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Daughter of the motherland

Published: 
Monday, July 21, 2014
TRINI TO D BONE
Aurora Herrera taking a wide NGO interest in a piton. Photo: Jason Brereton

My name is Aurora Herrera and I’m trying to build a co-operative network of environmental NGOs to share knowledge, experience and expertise.

 

I’ve asked my mum why I was named, “Aurora” and she simply says it’s a name she always loved. However, her name is Heather-Dawn and “Aurora” means “morning light;” so I have a healthy suspicion she named me after her.

 

Herrera is spelt “-era” not “-eira.” Therefore it’s Spanish, not Portuguese.

 

My favourite childhood memories are from my grandmother’s house in Cascade so I suppose that’s where I “come from.” I live in Santa Cruz now.

 

My mother is an only child. I have no cousins on her side. My father’s family consisted of six brothers and two sisters. I tried to tally the number of cousins. After I passed 100 I stopped counting. My parents are divorced and I grew up, for the most part, with my mother. I’m very career-driven and a family of my own is not a priority now.

 

 

I LOVED St Monica’s Primary School!

 

My father is Hindu and my mother is Anglican. I was baptised Anglican but attended Catholic schools. I’ll go to any religious service I’m invited to, but I don’t believe in god in the usual way church dogma demands. I do not subscribe to any organised religion.

 

There’s a really good quote from Stanley Kubrick to describe how I feel about the suffering of the world. “The most terrifying fact about the universe is not that it is hostile but that it is indifferent. But if we can come to terms with this indifference and accept the challenges of life within the boundaries of death—however mutable man may be able to make them—our existence as a species can have genuine meaning and fulfillment. However vast the darkness, we must supply our own light.” 

 

I think humans need to rely upon themselves.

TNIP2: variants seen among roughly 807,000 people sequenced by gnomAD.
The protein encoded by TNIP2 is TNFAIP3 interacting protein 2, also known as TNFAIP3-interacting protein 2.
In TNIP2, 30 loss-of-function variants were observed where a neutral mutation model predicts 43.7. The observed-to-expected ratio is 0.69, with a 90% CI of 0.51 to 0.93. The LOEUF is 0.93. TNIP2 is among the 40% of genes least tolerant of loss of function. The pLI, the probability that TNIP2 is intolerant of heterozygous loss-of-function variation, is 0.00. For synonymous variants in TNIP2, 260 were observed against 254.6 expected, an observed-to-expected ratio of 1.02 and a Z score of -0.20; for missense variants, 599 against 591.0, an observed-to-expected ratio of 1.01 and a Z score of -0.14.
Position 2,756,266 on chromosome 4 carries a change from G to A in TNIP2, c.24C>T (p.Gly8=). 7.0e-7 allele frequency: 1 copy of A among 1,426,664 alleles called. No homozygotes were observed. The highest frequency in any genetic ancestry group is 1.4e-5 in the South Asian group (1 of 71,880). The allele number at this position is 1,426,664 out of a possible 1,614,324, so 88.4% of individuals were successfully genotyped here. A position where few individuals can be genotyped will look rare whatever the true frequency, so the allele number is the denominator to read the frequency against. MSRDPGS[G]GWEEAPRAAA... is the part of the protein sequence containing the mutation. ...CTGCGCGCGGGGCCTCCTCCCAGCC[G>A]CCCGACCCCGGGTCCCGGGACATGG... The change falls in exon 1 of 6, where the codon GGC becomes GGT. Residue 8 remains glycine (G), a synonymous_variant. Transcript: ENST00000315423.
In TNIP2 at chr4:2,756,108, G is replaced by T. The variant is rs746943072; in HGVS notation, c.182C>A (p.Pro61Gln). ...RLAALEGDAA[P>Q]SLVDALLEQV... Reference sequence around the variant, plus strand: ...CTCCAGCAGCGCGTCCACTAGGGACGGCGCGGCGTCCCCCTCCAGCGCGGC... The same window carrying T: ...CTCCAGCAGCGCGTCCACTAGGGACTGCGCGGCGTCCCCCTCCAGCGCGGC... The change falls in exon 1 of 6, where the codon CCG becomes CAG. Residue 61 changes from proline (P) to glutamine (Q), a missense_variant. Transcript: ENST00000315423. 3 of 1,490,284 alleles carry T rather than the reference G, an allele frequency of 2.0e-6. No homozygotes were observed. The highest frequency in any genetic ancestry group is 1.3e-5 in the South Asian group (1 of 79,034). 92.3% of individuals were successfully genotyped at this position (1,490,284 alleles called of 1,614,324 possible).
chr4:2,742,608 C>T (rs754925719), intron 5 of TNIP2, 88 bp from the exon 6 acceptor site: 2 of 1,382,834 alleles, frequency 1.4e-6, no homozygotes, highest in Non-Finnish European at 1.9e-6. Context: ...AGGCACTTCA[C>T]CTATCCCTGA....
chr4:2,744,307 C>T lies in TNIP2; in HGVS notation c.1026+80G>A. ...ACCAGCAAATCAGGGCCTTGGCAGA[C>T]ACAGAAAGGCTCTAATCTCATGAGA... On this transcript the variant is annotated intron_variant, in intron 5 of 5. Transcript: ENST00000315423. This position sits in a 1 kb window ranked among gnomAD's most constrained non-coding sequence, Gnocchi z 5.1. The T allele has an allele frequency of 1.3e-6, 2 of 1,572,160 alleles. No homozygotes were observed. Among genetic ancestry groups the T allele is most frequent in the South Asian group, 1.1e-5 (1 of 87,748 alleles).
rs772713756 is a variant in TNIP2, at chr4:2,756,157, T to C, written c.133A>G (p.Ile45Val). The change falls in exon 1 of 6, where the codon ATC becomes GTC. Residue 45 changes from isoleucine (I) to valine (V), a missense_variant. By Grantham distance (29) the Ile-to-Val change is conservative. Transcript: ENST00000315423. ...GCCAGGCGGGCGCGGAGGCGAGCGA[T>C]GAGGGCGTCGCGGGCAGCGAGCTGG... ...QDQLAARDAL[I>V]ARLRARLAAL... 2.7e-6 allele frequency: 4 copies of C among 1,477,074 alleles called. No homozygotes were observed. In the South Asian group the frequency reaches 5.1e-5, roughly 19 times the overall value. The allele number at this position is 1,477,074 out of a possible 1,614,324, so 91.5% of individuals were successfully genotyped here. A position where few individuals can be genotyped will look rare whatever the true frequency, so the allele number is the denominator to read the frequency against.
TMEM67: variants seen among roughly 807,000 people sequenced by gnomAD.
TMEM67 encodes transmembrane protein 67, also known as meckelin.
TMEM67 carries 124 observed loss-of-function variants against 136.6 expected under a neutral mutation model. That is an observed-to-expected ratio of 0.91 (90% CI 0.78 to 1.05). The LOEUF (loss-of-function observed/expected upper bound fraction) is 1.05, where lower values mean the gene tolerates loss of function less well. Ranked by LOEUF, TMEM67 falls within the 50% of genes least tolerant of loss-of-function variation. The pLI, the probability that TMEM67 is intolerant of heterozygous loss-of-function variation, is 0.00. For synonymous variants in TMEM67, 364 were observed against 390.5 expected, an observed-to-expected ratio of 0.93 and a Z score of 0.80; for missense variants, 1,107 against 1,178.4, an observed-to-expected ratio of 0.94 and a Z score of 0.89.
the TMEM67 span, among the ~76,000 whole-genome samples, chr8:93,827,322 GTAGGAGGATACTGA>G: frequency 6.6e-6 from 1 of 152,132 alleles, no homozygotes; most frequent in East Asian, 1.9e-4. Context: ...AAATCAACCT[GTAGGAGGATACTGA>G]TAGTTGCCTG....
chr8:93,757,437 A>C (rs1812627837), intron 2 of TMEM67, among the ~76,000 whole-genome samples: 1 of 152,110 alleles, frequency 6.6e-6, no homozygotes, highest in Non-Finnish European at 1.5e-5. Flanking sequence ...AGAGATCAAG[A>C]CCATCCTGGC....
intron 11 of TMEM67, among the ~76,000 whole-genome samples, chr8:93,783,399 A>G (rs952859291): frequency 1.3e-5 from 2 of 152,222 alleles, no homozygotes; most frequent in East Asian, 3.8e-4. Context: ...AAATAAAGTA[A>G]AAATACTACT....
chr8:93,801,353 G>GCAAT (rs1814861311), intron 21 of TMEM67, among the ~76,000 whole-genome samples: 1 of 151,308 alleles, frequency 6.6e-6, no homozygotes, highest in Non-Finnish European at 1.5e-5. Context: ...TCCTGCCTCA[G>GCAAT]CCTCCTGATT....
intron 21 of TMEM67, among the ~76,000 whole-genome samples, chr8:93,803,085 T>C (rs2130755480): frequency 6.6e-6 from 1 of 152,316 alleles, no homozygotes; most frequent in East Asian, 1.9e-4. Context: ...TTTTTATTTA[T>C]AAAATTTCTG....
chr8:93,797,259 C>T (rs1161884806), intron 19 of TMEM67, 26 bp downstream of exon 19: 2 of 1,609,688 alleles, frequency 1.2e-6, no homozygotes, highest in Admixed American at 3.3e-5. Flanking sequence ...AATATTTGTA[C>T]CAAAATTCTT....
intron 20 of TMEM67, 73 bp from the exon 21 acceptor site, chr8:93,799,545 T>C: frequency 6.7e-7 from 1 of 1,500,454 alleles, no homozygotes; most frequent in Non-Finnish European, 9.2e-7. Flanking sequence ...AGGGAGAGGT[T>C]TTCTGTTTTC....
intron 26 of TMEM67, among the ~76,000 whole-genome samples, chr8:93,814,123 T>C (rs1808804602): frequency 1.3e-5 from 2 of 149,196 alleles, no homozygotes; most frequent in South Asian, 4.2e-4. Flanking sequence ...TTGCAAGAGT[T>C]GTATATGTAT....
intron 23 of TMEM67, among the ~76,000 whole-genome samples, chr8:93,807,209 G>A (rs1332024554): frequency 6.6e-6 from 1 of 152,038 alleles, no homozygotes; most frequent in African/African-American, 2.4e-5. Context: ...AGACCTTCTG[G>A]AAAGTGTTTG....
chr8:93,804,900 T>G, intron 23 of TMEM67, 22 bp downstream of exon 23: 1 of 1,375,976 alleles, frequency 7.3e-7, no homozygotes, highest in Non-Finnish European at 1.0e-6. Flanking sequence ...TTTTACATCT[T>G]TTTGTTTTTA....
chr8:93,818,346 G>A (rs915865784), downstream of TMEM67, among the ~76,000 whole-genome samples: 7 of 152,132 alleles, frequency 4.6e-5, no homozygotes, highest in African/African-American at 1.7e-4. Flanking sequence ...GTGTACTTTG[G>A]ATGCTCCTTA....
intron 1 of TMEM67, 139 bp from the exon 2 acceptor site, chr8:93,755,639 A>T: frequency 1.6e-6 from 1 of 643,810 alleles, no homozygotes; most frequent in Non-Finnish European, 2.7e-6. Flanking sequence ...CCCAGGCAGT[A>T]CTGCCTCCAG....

I try not to worry about whether there’s an afterlife. If there is, there is no need to worry. If there isn’t, then well, we wouldn’t need to worry because we would never know and it wouldn’t make a difference.

 

I spent my early childhood in the ‘bush’ of the Northern, Central and Southern Ranges of Trinidad. My mother is an environmentalist, so I grew up exploring the most secret places on the island. During my adolescence, my mother and I took off to Venezuela to discover all of that country’s natural treasures while learning about our family culture. I went to the University of Toronto and then travelled throughout Canada, the US and South and Central America.

 

I usually say I don’t have a favourite colour because I don’t like to discriminate against the other colours in the palette. But, if I were to be completely honest, I’d say yellow. Most of my close friends call me “little sunshine” so I suppose it’s apt. 

 

My first relaxation choice is sleeping. I’m so busy all the time that when I get a chance to switch off, I do.

 

My ideal evening out would be an art show or a play. For a weekend off, I’d like to find myself backpacking in a jungle somewhere.

 

In my world, reading and breathing are synonymous. I read everything. The best book I ever read was Cien Años de Soledad. By my favourite writer, Gabriel García Márquez.

 

The Environmental Network of Trinidad and Tobago is really my Mom’s idea. I’ve become involved by virtue of being her daughter. It’s in its baby stages. We would like to form a more coherent network amongst the different environmental groups and create an online platform for knowledge-sharing. If other NGOs support us with knowledge-sharing and perhaps volunteers, that would make things go faster.  

 

The worst thing about setting up the Environmental Network is you hear and see a lot of horror stories about animals, deforestation, the destruction of watersheds, the loss of natural habitats and, consequently, certain species. The best things are I have been privileged to see the most beautiful parts of Trinidad and Tobago and to have a great environmentalist like my Mum behind this project.

 

When I’m away, I miss the smell of the earth after it rains. The sight of the Northern Range along the highway. The trees, the waterfalls, the beaches. Most of all I miss my loved ones. 

 

A Trini is me. 

 

T&T is one of the many places that mean home to me. 

 

 

• Read a longer version of this feature at www.BCRaw.com.